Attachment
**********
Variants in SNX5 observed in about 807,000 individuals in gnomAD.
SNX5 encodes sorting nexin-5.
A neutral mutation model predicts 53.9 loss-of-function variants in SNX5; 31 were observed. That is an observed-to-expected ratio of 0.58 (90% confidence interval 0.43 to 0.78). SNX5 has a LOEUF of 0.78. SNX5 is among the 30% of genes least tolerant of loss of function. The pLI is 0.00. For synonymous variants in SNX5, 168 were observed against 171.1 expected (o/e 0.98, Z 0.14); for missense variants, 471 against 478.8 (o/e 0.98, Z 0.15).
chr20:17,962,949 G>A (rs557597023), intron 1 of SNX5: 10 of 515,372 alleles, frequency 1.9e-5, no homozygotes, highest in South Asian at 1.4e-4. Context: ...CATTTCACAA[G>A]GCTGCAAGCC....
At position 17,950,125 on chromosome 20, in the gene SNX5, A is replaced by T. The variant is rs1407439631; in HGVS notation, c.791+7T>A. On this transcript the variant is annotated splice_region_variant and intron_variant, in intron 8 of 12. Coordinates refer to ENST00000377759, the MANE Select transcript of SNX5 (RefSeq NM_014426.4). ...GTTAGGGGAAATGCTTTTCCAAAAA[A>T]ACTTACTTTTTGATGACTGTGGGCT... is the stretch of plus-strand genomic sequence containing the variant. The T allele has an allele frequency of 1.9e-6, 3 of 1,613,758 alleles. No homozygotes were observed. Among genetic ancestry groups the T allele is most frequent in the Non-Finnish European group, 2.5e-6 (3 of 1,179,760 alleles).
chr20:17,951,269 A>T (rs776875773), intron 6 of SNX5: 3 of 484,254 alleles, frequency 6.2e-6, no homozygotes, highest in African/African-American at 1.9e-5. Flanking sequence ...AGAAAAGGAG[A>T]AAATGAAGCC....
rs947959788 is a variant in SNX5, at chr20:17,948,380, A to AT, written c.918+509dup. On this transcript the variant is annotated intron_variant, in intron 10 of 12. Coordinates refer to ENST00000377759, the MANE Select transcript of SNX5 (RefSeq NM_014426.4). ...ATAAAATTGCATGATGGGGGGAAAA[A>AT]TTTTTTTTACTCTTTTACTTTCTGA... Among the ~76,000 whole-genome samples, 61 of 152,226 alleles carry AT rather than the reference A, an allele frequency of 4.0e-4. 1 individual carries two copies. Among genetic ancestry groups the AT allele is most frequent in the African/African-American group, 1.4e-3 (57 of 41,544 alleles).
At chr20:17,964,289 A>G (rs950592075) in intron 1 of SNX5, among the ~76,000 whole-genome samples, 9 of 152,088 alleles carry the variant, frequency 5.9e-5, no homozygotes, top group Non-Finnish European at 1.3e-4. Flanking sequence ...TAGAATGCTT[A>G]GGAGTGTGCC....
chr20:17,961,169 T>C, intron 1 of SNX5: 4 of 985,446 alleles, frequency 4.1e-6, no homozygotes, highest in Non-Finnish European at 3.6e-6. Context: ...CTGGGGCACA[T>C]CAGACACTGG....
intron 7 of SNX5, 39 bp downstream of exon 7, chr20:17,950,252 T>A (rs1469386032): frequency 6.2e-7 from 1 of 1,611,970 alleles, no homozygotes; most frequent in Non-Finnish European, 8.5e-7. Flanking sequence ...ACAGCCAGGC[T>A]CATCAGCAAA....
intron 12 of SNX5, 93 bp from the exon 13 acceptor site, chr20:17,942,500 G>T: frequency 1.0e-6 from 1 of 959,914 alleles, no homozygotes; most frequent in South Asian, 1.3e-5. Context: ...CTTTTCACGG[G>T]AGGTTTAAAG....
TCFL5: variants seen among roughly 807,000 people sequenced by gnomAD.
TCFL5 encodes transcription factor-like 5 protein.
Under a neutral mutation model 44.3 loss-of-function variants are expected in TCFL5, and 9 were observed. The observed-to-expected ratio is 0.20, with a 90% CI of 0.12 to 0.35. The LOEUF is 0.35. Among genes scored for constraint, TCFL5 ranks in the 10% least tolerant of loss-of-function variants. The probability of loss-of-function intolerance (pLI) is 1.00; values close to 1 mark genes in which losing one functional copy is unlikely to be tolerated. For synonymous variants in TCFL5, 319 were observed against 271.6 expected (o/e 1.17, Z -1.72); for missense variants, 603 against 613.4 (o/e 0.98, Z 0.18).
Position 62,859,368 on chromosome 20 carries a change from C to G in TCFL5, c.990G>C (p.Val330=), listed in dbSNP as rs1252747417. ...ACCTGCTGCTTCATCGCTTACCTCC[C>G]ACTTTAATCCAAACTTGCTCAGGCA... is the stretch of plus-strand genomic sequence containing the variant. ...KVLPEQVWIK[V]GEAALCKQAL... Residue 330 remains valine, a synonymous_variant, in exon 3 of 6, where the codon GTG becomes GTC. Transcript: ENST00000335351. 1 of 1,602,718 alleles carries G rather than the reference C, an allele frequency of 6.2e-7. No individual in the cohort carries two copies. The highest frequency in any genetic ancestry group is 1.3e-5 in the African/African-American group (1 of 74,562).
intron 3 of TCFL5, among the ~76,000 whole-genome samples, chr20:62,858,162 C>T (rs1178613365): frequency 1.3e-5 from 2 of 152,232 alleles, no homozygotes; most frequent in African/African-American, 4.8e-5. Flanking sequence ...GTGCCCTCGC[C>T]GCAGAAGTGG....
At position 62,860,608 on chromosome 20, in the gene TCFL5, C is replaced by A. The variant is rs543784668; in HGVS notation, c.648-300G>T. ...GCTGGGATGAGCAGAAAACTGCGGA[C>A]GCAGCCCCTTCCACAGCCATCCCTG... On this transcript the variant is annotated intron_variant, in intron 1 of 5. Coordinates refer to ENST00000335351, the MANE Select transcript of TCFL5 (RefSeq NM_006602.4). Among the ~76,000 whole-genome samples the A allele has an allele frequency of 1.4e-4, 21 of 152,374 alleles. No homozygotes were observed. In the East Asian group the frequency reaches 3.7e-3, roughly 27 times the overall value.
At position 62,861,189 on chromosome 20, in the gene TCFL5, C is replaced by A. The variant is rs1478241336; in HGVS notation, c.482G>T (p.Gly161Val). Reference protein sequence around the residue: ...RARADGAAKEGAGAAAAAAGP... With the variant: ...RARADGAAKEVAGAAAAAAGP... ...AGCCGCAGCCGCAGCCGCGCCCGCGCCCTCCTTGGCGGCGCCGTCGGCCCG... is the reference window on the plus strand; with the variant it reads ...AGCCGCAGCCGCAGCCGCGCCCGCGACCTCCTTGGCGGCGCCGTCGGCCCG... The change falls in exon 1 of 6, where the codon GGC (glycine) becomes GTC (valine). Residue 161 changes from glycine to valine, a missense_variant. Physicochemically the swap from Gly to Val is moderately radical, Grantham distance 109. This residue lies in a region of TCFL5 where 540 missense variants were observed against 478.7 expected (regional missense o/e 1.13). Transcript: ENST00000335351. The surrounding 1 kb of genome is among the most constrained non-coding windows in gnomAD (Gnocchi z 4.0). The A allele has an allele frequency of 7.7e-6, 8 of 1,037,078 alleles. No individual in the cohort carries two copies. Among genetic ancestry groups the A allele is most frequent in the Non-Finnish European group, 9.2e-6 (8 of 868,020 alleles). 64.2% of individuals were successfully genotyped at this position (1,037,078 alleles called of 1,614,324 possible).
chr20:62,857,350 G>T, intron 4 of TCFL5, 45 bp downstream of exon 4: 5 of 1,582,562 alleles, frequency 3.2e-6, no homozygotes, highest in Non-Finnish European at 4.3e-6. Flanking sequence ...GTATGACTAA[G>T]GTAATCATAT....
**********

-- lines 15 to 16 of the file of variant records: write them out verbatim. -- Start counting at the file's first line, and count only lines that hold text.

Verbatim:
Position 62,859,368 on chromosome 20 carries a change from C to G in TCFL5, c.990G>C (p.Val330=), listed in dbSNP as rs1252747417. ...ACCTGCTGCTTCATCGCTTACCTCC[C>G]ACTTTAATCCAAACTTGCTCAGGCA... is the stretch of plus-strand genomic sequence containing the variant. ...KVLPEQVWIK[V]GEAALCKQAL... Residue 330 remains valine, a synonymous_variant, in exon 3 of 6, where the codon GTG becomes GTC. Transcript: ENST00000335351. 1 of 1,602,718 alleles carries G rather than the reference C, an allele frequency of 6.2e-7. No individual in the cohort carries two copies. The highest frequency in any genetic ancestry group is 1.3e-5 in the African/African-American group (1 of 74,562).
intron 3 of TCFL5, among the ~76,000 whole-genome samples, chr20:62,858,162 C>T (rs1178613365): frequency 1.3e-5 from 2 of 152,232 alleles, no homozygotes; most frequent in African/African-American, 4.8e-5. Flanking sequence ...GTGCCCTCGC[C>T]GCAGAAGTGG....